Love and Light
Isabel Rae McKenzie
dad worries i’m having a miscarriage
but i’m just bleeding in weird ways
that went unlisted in god’s bodily SOP.
when editors accept my work and publish
as-is i feel like i’ve duped someone,
using phrases like “vintage leather suicide letter”
in reference to the old samsonite i keep
empty bottles in.
god, are you listening?
you didn’t give me directions for any of this.
i waited for a golden light
and all i got was parking tickets.
so many fucking parking tickets.
[i joke about being the reckless child
because that’s easier than admitting
i don’t understand parental love.]
i walk to work and throw the bottles out,
choking on love and light
i’m so loved it’s unbearable
that’s not why i drink it’s why i drink i don’t know why
because i’m bored or lonely
or bored, mostly bored,
because everything, nothing, something,
evening, morning, light, love,
Isabel Rae McKenzie is an essayist and devout Chicagoan. She is a regular contributor to Queen Mob’s Teahouse with forthcoming work at Plough Quarterly. You can find her on Twitter at @birdpoems or at isabelraem.com.
upon viewing Dark Iris No. 1 and Calla Lillies on Red by Georgia O’Keeffe
The artistic scientist put her findings
on a plain white canvas to be viewed
by a general public. Grabbed her
subject by the throat, pulled it apart,
splayed it on vibrant reds, dark greys,
pinned it down. Used blood and laurel leaves
and charcoal to recreate
Mother Nature’s body in detail, a sign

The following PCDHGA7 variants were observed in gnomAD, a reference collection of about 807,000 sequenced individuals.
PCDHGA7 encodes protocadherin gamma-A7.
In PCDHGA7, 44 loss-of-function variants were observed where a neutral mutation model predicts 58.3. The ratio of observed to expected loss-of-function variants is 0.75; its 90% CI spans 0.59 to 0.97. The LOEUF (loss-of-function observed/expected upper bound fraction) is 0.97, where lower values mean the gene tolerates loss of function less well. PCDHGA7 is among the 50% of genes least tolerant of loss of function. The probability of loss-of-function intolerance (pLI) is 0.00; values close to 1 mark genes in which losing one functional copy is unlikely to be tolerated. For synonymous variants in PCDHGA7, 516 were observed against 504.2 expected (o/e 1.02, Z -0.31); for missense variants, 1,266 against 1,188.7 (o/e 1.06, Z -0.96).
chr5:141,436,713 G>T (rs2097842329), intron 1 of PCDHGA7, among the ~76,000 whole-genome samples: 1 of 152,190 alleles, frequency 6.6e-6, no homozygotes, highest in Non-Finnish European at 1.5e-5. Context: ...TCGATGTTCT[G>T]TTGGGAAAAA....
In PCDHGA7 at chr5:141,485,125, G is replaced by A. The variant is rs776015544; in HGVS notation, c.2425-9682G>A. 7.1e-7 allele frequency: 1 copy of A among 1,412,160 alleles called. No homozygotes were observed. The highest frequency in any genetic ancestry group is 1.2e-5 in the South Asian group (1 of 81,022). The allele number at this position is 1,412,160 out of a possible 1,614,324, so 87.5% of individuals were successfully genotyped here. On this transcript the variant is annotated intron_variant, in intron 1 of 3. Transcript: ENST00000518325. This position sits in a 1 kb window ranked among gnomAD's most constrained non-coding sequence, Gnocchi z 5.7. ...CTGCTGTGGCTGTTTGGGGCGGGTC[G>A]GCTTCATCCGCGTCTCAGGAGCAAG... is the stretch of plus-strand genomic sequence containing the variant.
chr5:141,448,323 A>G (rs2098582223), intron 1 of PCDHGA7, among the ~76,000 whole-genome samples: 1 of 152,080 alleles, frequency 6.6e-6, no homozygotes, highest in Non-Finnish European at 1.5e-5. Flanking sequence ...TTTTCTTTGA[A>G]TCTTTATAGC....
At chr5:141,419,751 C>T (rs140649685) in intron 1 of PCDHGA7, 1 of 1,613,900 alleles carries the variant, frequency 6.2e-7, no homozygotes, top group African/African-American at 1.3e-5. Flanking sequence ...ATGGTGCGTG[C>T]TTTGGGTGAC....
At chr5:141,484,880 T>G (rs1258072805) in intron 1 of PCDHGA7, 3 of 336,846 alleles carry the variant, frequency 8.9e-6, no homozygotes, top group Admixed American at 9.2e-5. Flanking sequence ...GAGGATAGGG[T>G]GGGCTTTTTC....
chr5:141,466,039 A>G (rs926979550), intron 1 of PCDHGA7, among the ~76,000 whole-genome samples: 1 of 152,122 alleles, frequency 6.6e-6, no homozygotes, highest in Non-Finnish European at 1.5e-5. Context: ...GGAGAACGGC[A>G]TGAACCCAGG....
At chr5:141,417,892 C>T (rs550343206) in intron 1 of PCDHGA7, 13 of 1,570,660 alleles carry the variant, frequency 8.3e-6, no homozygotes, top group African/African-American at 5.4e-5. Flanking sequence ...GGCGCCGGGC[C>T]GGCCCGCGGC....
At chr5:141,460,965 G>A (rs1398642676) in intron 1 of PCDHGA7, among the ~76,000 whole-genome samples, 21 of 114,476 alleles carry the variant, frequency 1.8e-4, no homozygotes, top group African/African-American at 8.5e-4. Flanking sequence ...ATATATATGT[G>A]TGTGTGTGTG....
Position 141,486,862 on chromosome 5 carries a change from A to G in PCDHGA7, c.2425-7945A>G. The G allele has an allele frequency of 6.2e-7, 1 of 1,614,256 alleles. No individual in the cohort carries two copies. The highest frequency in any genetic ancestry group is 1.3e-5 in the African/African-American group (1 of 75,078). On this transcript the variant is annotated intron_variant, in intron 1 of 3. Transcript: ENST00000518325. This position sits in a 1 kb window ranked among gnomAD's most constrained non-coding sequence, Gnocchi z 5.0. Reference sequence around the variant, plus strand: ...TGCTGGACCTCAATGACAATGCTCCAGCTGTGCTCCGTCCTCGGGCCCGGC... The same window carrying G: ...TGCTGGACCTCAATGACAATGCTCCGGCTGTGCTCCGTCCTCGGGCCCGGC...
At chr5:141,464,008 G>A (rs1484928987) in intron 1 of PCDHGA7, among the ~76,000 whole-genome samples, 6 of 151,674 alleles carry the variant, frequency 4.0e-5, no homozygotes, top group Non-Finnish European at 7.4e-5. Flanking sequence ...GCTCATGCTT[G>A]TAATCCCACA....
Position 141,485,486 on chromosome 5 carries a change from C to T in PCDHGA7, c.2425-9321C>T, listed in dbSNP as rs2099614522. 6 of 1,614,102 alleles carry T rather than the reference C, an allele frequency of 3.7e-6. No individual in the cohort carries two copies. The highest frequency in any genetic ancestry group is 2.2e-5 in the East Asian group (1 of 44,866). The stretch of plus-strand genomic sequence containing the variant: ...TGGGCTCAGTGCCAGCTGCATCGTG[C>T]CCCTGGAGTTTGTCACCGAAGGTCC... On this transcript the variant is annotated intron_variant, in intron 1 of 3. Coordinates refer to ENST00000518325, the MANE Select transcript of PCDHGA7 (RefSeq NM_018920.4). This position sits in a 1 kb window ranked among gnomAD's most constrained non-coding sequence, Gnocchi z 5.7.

of daughterly affection, and put it out to the world,
where men in suits cry out
about a woman’s sex on the page.
Vanessa Vigneswaramoorthy is a Tamil-Canadian community organizer and writer. She is currently working on a chapbook through the Poetry inPrint Artist Residency at inPrint Collective. You can find her on Twitter or Instagram as @vandoesthings
For the past half century, I have never seen
A single frog in this city, not even in the whole country
But there are four big-mouthed frogs leaping around
Afar in a ricefield of my native village, four frogs
Squatting under the rotten bridge on the way leading
To an unknown town, four frogs playing on a big
Lotus leaf in my heart, four frogs calling constantly
From the dark pages of history invisible at midnight
Four frogs meditating under a puti tree transplanted
In a nature park, four frogs swimming into a fish net
Like bloated tadpoles, the same four frogs whose
Monotoned songs resonate aloud in different tongues
With different pitches, yes, the four frogs still there
Yuan Changming published monographs on translation before leaving China. Currently, Yuan edits Poetry Pacific with Allen Qing Yuan in Vancouver. Credits include ten Pushcart nominations, Best of the Best Canadian Poetry (2008-17) and BestNewPoemsOnline, among others.